Alice Garbarini Hurley | Your East Village shop has such a lovely vibe. It’s like stepping out of the city, for all its energy and glory, and into a serene refuge.
Urte Tylaite | That’s where the name Still House comes from. The space is quiet and peaceful, and we have a minimalist aesthetic.
Even the colors are soothing. So are the pine shelves that hold hand-thrown porcelain vases by Robert Hessler, an artist from Kingston, NY.
We have a calming, neutral palette in the store, but what’s really important is the way the pieces are displayed. We put a lot of effort into creating a visual flow. The objects are very inviting to examine and look at; you are invited to engage. Our palette – for dishes, teaware and vases – transitions well with all whites.
Tell us about your merchandise edit.
In addition to my jewelry line, I handpick everything, with a focus on jewelry and items for the home, made by emerging artists and designers from New York, Japan and Europe. We carry Hudson Beach Glass from Beacon, NY. However, we also have vases by Brooklyn ceramicist Romi Northover, diamond rings by Los Angeles-based Jennie Kwon, a water carafe with a cup from Toyo-Sasaki Glass, and beeswax birthday candles from Fredericks & Mae.
How do you find the home items you carry in the shop?
The tabletop items come from different places, but I put strong emphasis on pieces made in the state of New York. I do go to design events and craft fairs, but a lot of artists I work with refer their colleagues. It feels like a true community.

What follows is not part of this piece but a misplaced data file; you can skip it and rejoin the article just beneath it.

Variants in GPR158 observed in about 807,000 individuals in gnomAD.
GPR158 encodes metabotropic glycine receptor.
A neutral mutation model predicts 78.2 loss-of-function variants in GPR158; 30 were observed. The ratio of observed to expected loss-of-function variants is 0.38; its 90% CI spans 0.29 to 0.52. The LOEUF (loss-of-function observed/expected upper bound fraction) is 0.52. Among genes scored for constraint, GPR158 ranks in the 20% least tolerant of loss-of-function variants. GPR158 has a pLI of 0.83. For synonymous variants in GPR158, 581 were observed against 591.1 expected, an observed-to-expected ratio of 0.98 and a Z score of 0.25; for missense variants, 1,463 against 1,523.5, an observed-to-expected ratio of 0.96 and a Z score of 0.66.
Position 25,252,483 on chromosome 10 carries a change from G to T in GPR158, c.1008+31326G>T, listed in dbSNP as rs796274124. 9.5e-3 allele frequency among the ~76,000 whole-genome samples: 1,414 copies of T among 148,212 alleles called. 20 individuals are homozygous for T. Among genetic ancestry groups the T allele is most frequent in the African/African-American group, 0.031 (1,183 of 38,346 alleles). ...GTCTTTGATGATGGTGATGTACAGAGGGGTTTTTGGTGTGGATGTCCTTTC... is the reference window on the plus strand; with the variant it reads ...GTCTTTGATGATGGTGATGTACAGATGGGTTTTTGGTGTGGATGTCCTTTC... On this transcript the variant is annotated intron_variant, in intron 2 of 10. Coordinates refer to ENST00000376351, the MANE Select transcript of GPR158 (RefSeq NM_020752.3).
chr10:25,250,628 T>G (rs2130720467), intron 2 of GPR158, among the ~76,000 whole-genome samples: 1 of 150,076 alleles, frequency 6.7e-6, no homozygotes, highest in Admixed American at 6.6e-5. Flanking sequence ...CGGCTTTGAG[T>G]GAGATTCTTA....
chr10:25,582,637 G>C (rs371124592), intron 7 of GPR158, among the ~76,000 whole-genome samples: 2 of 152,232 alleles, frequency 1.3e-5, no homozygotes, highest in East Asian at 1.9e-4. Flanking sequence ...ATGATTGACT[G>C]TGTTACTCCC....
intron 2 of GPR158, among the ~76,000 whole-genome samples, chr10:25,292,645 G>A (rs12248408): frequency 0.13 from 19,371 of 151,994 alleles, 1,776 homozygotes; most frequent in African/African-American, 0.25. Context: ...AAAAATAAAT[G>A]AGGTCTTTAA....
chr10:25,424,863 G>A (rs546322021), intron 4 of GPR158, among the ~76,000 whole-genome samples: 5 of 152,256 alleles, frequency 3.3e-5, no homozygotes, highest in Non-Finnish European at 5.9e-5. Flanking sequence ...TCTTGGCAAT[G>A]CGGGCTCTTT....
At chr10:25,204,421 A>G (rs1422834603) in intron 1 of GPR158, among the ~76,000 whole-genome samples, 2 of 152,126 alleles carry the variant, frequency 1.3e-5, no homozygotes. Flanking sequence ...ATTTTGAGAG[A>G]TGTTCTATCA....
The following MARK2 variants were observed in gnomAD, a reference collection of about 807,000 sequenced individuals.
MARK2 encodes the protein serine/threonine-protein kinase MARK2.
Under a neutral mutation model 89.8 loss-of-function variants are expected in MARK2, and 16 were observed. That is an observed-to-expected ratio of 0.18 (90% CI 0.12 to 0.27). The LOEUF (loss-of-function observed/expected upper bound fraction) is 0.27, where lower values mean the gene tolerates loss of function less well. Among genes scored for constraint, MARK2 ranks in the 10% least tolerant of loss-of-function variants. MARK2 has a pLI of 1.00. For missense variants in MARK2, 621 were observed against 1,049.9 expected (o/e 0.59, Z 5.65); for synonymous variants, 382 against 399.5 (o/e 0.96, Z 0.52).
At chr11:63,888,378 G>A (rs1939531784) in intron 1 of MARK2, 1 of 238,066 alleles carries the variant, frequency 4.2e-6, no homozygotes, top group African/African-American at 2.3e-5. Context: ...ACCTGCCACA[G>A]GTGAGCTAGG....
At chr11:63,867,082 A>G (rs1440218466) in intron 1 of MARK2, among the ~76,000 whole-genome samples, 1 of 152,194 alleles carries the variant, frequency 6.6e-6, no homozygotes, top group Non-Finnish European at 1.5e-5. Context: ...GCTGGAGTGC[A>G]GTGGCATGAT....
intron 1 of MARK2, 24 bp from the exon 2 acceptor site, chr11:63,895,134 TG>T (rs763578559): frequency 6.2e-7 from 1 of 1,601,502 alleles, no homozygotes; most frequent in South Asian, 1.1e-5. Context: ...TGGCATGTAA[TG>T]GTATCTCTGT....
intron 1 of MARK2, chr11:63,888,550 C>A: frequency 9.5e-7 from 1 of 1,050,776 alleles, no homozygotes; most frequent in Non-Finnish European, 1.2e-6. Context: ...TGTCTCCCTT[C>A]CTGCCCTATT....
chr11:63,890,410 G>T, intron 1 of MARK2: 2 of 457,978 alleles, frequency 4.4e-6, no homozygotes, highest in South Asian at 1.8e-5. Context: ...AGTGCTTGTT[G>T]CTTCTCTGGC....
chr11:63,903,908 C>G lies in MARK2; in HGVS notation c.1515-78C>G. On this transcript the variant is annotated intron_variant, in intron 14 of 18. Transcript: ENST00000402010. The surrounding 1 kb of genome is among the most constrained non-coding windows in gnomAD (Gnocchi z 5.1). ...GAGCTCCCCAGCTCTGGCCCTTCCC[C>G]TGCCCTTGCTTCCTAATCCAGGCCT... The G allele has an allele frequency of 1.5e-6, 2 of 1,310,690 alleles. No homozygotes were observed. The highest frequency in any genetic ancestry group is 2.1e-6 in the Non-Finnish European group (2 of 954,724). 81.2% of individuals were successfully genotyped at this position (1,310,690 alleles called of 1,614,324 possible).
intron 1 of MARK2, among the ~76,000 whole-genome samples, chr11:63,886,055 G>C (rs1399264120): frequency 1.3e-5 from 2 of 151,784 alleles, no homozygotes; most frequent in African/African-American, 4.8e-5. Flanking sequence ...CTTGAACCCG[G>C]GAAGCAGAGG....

The jewelry is so delicate, the gems like tiny diamonds in the sky.
Yes. After studying painting, fine arts and sculpture at Pratt Institute, I worked for a jeweler and realized that art alone could not be my lifelong commitment. Jewelry made sense to me. The stars immediately aligned. I started taking jewelry making classes at FIT and the 92nd Street Y. It felt like sculpture on a miniature scale. For example, my open Ekto gold bangle has a subtle detail: a black diamond on one end and a white diamond on the other. I thought, “Let’s hide some things.” You don’t expect to find the diamonds there. Rotate the bangle to show off one diamond or the other.
We heard you have a cult following among It girls.
My pieces have been shown in Glamour, Marie Claire, Women’s Health and other publications. Also, Gwyneth Paltrow and Gabrielle Union have worn some. Once, a customer came in and ordered a ring to be delivered to a Broadway address in the Theater District. The card said Anne Hathaway. Later, the actress appeared on the cover of the September 2015 issue of InStyle magazine. She was wearing my Nox ring with double diamonds on her right hand.
It’s very delicate, almost hard to see in the photo.
I feel that delicate jewelry becomes a part of you. You can leave it on in the shower and when swimming. The majority of my pieces are solid gold and can be worn all the time, but I always recommend that you take off sterling silver when applying lotions or when swimming in a chlorinated pool.
In addition to magazines, have social media influencers expanded your customer base?
The photographer Alice Gao has. She has her own blog and almost one million followers on Instagram. A lot of our younger customers come in because they saw Alice Gao wearing something from Still House.